(The Galloping Detective #1)
1991, Yearling - Dell (Bantam)
Lucy Hill and Jenny Lovett split their time between Up And Down Farm, and Mrs. Lovett's tack shop, the Saddlery. Lucy's blissfully involved with rehabbing the nervous jumper Triumph and teaching her first beginner class, while Jenny's concentrating on her horse Curtain Call and her widowed mom's attempts to begin dating. Both girls are working on making Jenny's little brother into a rider in time for a lead line class at the next horse show. When there's a break-in at the Saddlery, the girls investigate, and what they find takes them back to Mrs. Lovett's new beau.
A very authentic feel is established from the first page when Lucy eats her heart out about the Maclay Medal, and the ease of writing is established by the simplicity and completeness of the explanation of same:
To win the Maclay Finals was the highest goal for a Junior hunt-seat rider.
Granted, you do need to know the implication of both 'Junior' and 'hunt-seat' but it's fairly obvious that little girls drawn to horse books would either know already, or be motivated to find out.
Much of the book is a mystery, and a lot takes place off-horse, which is always a danger sign in a horse book. But the riding sequences are satisfying.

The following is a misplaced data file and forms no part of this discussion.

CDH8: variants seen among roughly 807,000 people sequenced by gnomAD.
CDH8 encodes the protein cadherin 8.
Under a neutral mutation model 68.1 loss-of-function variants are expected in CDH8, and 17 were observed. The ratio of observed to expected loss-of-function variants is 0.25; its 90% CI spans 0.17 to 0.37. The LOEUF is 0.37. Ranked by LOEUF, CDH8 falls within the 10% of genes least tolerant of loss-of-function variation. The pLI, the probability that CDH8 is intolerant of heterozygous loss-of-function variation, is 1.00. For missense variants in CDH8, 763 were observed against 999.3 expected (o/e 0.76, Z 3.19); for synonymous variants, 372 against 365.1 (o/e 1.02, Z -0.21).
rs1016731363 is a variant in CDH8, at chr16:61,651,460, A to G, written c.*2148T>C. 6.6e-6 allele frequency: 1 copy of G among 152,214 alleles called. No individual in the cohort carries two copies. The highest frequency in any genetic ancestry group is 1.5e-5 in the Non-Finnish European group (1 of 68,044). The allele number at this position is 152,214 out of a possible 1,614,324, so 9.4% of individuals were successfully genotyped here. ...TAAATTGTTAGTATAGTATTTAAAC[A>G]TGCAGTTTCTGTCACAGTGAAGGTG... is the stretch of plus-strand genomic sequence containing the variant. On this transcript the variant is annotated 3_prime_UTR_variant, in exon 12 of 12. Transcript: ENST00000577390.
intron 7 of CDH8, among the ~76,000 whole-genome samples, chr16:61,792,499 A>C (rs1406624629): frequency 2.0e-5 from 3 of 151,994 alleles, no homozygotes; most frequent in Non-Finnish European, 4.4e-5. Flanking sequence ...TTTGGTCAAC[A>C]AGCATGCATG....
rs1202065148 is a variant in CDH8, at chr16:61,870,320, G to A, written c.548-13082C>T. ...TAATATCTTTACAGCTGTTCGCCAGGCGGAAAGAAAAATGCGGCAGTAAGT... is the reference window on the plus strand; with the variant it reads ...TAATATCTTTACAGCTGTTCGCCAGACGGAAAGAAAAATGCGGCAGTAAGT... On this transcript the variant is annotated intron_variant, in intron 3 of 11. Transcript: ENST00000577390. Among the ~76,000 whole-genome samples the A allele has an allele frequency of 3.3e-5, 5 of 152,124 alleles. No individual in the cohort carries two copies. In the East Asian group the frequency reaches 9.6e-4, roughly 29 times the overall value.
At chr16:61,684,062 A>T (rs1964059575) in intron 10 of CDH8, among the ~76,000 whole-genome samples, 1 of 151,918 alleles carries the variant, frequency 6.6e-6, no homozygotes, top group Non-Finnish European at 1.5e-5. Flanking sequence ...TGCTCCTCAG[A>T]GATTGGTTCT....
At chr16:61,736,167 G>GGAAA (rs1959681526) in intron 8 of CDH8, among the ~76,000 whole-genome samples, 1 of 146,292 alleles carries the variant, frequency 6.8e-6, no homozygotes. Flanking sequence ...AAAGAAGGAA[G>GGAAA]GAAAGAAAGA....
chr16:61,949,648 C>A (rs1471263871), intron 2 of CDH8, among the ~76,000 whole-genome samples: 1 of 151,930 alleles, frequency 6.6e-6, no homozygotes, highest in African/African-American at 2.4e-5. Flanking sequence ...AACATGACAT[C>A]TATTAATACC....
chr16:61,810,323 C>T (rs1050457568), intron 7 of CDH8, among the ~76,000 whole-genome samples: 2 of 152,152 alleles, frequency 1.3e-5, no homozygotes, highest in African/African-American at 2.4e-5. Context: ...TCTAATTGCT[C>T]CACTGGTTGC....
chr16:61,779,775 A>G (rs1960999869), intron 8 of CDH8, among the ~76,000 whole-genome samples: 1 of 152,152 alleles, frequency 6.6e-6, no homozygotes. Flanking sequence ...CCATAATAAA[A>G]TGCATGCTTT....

She cantered a circle and opened up to the first jump, but somehow Triumph wasn't set up right and took an extra small stride, then hit the fence with his front feet. She rode him hard so he wouldn't run out at the next fence, but they were both off balance at the jump. As they pounded along, she tried to get it together before the second line of fences, but pressed too hard with her legs. Triumph responded with a series of small bucks before heading into the jump. From then on Lucy felt out of control and disgusted with a sloppy ride.
I have some quibbles; the punctuation is off, and the details are somewhat alienating for those not in the hunt-seat know.
There are no fat villains, no horse abusers, the antique store owner is not gay, and there is no romance for the girls. Astonishing. Overall, a higher-quality series than most.
The cover painting of a grey horse rearing very daintily, while a girl in very formal show clothes hauls on the reins from the ground is odd in various ways. The horse and girl are not sized normally, unless the horse is supposed to be a pony that would be rather small for the girl to ride. The stirrups are so tiny even a child couldn't use them, and the reins are split and incredibly long. There's a creepy ghost-man with binoculars floating in the dark background, which doesn't fit the story (neither do the show clothes or the horse) and the banners are simply odd. I'm sure there's more - oh, you know, the horse isn't wearing a saddle pad at all, just the saddle on his bare back, the horse's proportions just look odd, and the braids look more dressage than hunters.
Kaelie - Irish Thoroughbred mare
Kaelie II - foal
Triumph - brown gelding project horse
Curtain Call aka Curt - Thoroughbred gelding
Sarge - lesson horse
Pirate - pony
Robocop - hunter
Widget - old cat
Other books in series